NEWS RELEASE: Kleine-Levin Syndrome Foundation Urges Lawmakers to Bring National Awareness to KLS research
Foundation Honors KLS community on Rare Disease Day by lobbying for inclusion in NIH Sleep Research Plan

Feb. 28, 2022 – WASHINGTON: The Kleine-Levin Syndrome Foundation today honors Rare Disease Day by calling for the inclusion of Kleine-Levin Syndrome (KLS) in the National Institutes of Health (NIH) biennial “Sleep Research Plan.” Including KLS in this publication and action plan will help build interest and funding for clinical research about this extremely rare disorder.

Only 1 in 1 million individuals has KLS, a complex neurological disorder characterized by long, recurring episodes of excessive sleep and derealization. During episodes that last days, weeks, or months, patients sleep most of the day and night and may experience derealization and significant behavioral changes including a reversion to childlike speech, compulsive eating, intolerance to noise and light and other unusual symptoms. Most patients experience brain fog that makes it difficult to distinguish between reality and dreams. KLS patients experience many cycles of illness over the course of a decade or more that rob them of their adolescence and wreak havoc on family life.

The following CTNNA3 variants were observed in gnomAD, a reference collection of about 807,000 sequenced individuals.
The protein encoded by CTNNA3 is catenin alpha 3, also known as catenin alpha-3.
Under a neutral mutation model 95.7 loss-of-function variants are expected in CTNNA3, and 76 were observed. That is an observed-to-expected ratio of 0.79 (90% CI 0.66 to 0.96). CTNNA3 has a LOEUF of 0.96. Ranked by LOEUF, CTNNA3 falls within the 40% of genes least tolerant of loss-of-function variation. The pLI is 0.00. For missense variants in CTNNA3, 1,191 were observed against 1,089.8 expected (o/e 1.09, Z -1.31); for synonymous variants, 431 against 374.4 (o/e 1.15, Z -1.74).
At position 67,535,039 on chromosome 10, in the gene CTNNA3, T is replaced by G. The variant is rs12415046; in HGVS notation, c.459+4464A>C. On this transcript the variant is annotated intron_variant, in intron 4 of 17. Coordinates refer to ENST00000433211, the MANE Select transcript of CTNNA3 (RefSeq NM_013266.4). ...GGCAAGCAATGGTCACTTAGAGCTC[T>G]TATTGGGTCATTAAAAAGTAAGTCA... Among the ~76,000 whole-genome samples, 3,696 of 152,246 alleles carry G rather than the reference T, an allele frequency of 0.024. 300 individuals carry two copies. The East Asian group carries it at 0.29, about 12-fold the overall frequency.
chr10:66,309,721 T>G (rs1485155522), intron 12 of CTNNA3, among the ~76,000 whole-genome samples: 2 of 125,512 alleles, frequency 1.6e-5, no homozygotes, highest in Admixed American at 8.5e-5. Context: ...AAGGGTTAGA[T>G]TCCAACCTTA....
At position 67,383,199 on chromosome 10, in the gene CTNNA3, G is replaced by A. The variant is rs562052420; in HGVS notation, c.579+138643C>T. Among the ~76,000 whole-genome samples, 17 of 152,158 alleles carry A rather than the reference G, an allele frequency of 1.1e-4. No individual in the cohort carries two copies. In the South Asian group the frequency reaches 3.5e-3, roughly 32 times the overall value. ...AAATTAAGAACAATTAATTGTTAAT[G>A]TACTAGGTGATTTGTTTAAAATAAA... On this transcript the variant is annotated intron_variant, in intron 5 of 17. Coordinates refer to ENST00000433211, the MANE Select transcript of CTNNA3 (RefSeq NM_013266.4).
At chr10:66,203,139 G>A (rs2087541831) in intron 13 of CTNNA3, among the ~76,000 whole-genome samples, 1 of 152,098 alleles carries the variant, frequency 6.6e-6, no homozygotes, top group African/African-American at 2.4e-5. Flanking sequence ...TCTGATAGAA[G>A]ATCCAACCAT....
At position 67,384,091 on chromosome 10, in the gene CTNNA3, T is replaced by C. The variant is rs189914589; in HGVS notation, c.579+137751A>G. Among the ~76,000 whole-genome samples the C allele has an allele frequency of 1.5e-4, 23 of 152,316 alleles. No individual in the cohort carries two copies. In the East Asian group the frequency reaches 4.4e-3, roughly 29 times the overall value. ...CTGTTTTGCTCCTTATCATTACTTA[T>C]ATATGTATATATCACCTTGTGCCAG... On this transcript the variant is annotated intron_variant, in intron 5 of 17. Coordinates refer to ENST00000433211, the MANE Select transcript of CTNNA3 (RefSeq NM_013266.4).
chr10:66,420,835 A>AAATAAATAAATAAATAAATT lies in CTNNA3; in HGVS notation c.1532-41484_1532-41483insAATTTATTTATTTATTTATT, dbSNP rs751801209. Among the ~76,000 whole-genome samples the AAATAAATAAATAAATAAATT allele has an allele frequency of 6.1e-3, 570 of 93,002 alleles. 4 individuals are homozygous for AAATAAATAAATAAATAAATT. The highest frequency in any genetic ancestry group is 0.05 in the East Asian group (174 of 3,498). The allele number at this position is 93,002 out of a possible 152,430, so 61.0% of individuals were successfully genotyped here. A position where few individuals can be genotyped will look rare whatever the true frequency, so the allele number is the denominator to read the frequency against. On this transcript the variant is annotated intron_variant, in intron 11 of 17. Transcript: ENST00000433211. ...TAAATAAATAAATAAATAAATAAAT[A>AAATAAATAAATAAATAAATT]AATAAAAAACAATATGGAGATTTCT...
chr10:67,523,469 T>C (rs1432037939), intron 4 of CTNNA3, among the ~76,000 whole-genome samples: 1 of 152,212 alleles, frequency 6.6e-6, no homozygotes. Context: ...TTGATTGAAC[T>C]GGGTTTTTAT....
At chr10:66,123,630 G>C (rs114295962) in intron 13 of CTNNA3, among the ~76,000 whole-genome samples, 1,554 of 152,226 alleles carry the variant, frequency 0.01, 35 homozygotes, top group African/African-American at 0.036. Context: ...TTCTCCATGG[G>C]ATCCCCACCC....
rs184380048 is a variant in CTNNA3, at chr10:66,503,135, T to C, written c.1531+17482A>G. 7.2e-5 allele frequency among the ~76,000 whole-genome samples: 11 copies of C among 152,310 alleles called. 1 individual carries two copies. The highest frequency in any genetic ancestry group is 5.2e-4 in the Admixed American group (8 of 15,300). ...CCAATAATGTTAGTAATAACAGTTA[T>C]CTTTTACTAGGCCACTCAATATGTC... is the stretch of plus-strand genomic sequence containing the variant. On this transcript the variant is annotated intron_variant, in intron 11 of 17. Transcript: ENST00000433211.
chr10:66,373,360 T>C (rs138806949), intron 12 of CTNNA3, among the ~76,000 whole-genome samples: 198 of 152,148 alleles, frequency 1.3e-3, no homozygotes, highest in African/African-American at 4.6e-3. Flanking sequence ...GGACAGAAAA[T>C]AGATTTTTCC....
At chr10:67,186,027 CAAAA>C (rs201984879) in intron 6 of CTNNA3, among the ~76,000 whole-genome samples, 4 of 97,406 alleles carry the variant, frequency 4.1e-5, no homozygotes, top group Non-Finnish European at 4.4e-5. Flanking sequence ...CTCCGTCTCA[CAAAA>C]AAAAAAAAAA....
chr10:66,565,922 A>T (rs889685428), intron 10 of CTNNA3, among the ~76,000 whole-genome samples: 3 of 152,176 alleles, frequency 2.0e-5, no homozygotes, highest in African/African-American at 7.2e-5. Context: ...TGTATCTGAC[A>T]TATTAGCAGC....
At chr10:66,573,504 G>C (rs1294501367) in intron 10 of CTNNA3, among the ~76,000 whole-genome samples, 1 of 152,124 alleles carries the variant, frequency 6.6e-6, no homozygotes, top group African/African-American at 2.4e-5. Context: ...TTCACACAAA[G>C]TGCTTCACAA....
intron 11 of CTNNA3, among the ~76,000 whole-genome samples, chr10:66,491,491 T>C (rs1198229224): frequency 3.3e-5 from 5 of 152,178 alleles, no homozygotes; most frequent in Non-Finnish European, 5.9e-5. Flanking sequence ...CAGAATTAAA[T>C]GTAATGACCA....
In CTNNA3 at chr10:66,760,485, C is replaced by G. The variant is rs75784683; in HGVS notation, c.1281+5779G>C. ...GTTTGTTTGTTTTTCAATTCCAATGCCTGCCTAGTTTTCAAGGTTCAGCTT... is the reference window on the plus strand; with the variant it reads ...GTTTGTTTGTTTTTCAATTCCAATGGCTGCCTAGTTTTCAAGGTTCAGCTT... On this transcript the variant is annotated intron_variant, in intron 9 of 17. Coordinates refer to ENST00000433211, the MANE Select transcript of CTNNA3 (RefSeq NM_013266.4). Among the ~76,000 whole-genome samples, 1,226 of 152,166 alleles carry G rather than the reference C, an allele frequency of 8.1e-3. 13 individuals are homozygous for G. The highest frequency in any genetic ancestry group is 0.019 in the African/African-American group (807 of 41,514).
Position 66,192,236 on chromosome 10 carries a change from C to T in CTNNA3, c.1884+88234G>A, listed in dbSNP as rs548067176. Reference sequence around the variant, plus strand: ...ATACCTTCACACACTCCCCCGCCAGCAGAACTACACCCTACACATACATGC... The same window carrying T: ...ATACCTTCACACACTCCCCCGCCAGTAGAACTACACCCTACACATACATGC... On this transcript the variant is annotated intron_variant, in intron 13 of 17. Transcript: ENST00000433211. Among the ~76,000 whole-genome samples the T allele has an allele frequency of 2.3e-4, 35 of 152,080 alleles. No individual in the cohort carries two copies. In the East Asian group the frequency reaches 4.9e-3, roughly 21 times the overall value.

The cause of KLS is still unknown, and there are no known treatments. To date, research about KLS has been limited because KLS affects a very small population and is in most cases self-limiting.

“KLS shares some symptoms with other clinically rare but culturally well-known sleep disorders and mental health conditions, so there’s potential for groundbreaking research that would help desperate KLS patients and also other communities– but we need investigative partners and robust funding to realize these within-reach achievements,” said Kleine-Levin Syndrome Foundation President Steve Maier, who experienced KLS episodes from age 13-27.

This week, the Kleine-Levin Syndrome Foundation is participating in Rare Disease Week on Capitol Hill to build awareness about KLS amongst federal lawmakers. Foundation board members will meet with Members of Congress from New York and Maryland. A Times Square billboard will today feature a plea from the Kleine-Levin Syndrome Foundation for more KLS research.

Our goal is patient advocacy,” said Kleine-Levin Syndrome Foundation Vice-President Dani Farber. “We are demonstrating to policymakers the impact of KLS on patients and their families and making clear the need for more federal funding for rare disease research, which could accelerate progress toward a cause, accurate diagnosis and treatment, and ultimately a cure for KLS.” Said Farber, who experienced KLS episodes from age 15-25.

The KLS Foundation is grateful to the EveryLife Foundation for Rare Diseases and its partners for convening the powerful voices of rare disease advocates from around the U.S.

The Kleine-Levin Syndrome Foundation is a home for patient and caregiver support, an educational hub for doctors and clinicians, and an incubator for research to find a cause and a cure for KLS. Support clinical research and learn how the KLS Foundation supports our community at


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